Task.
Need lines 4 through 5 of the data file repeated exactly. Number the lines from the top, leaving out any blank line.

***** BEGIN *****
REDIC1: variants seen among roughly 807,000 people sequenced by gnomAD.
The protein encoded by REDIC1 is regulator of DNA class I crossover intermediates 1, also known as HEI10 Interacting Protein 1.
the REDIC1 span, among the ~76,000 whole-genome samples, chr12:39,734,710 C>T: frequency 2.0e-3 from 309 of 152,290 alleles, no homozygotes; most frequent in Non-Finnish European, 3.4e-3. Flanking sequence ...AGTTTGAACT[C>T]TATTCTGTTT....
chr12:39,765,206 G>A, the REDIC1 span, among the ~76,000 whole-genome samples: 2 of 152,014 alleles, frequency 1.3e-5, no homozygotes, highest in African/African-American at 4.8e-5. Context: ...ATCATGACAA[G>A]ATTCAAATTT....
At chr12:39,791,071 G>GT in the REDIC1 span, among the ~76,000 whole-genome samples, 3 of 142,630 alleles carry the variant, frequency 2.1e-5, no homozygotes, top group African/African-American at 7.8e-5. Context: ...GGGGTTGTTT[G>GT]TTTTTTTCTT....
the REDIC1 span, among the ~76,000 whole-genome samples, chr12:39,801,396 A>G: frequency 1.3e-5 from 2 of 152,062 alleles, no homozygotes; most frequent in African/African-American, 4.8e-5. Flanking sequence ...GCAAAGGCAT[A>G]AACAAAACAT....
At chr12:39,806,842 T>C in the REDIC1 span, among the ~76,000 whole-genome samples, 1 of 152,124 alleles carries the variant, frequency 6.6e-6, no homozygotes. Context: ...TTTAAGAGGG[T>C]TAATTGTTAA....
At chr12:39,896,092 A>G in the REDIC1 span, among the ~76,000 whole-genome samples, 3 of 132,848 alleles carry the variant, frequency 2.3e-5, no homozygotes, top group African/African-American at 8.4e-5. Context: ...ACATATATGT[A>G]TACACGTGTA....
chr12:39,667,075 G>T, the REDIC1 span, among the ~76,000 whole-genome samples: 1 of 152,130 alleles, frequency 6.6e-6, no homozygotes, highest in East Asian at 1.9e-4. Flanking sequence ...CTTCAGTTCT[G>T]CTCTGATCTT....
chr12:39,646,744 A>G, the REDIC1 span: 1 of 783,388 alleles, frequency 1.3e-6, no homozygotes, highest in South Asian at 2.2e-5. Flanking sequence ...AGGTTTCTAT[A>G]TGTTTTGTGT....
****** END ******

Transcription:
chr12:39,765,206 G>A, the REDIC1 span, among the ~76,000 whole-genome samples: 2 of 152,014 alleles, frequency 1.3e-5, no homozygotes, highest in African/African-American at 4.8e-5. Context: ...ATCATGACAA[G>A]ATTCAAATTT....
At chr12:39,791,071 G>GT in the REDIC1 span, among the ~76,000 whole-genome samples, 3 of 142,630 alleles carry the variant, frequency 2.1e-5, no homozygotes, top group African/African-American at 7.8e-5. Context: ...GGGGTTGTTT[G>GT]TTTTTTTCTT....